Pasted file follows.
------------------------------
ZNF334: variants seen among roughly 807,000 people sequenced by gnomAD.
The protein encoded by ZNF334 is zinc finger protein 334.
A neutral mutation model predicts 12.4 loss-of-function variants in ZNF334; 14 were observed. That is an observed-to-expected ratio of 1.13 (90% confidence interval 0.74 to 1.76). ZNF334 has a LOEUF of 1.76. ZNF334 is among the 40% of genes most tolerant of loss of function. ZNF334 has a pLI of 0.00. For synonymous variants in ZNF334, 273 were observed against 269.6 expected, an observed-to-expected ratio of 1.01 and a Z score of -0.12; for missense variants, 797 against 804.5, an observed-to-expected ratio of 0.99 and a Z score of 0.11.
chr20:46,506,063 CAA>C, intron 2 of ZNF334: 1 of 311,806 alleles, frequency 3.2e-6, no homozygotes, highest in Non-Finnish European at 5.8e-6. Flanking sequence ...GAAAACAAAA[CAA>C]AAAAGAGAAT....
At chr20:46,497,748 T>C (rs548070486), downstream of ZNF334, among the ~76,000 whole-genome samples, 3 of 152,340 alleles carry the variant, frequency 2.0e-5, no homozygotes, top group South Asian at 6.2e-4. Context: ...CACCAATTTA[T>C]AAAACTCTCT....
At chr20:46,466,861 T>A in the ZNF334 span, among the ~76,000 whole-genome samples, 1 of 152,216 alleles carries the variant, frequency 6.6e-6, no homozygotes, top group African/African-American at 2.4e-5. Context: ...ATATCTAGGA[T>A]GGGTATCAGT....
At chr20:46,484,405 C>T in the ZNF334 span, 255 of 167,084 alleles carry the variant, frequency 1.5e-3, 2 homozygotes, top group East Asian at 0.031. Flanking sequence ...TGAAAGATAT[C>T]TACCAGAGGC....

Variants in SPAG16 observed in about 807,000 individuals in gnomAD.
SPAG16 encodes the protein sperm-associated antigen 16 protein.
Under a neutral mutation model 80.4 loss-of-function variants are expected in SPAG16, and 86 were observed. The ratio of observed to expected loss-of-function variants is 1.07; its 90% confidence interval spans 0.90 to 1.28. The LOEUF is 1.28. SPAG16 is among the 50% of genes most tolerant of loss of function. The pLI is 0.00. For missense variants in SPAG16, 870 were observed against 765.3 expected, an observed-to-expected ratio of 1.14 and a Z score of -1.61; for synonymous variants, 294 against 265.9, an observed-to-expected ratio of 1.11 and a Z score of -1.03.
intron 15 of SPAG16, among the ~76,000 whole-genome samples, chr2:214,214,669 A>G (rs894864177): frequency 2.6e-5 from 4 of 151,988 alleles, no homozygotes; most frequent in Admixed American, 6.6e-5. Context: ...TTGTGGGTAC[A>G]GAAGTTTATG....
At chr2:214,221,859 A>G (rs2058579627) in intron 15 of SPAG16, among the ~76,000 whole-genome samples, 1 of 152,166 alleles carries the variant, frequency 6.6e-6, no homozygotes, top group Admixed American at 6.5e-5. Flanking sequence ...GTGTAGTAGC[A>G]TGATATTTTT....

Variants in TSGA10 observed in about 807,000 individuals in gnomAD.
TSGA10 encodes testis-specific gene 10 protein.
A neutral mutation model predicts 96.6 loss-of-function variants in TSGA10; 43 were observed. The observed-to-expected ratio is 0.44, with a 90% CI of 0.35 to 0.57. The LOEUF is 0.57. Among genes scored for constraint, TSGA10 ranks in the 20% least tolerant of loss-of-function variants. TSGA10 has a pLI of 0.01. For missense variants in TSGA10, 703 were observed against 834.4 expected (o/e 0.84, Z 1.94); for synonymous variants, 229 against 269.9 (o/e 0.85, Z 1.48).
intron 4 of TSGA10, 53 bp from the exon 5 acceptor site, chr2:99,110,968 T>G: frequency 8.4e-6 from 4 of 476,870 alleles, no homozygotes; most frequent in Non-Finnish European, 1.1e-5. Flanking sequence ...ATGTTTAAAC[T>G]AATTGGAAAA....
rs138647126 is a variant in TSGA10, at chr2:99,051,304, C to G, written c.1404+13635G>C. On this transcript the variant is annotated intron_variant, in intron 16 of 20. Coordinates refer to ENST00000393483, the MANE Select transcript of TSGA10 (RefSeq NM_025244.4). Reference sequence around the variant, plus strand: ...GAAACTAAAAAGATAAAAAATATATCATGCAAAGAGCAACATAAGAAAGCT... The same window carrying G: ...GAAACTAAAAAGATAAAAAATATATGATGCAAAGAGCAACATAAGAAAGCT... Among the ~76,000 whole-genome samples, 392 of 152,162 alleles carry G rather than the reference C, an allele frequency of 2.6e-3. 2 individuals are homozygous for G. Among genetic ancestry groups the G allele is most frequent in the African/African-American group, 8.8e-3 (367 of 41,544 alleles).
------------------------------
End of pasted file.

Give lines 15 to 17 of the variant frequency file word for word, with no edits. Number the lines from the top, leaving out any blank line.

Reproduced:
A neutral mutation model predicts 96.6 loss-of-function variants in TSGA10; 43 were observed. The observed-to-expected ratio is 0.44, with a 90% CI of 0.35 to 0.57. The LOEUF is 0.57. Among genes scored for constraint, TSGA10 ranks in the 20% least tolerant of loss-of-function variants. TSGA10 has a pLI of 0.01. For missense variants in TSGA10, 703 were observed against 834.4 expected (o/e 0.84, Z 1.94); for synonymous variants, 229 against 269.9 (o/e 0.85, Z 1.48).
intron 4 of TSGA10, 53 bp from the exon 5 acceptor site, chr2:99,110,968 T>G: frequency 8.4e-6 from 4 of 476,870 alleles, no homozygotes; most frequent in Non-Finnish European, 1.1e-5. Flanking sequence ...ATGTTTAAAC[T>G]AATTGGAAAA....
rs138647126 is a variant in TSGA10, at chr2:99,051,304, C to G, written c.1404+13635G>C. On this transcript the variant is annotated intron_variant, in intron 16 of 20. Coordinates refer to ENST00000393483, the MANE Select transcript of TSGA10 (RefSeq NM_025244.4). Reference sequence around the variant, plus strand: ...GAAACTAAAAAGATAAAAAATATATCATGCAAAGAGCAACATAAGAAAGCT... The same window carrying G: ...GAAACTAAAAAGATAAAAAATATATGATGCAAAGAGCAACATAAGAAAGCT... Among the ~76,000 whole-genome samples, 392 of 152,162 alleles carry G rather than the reference C, an allele frequency of 2.6e-3. 2 individuals are homozygous for G. Among genetic ancestry groups the G allele is most frequent in the African/African-American group, 8.8e-3 (367 of 41,544 alleles).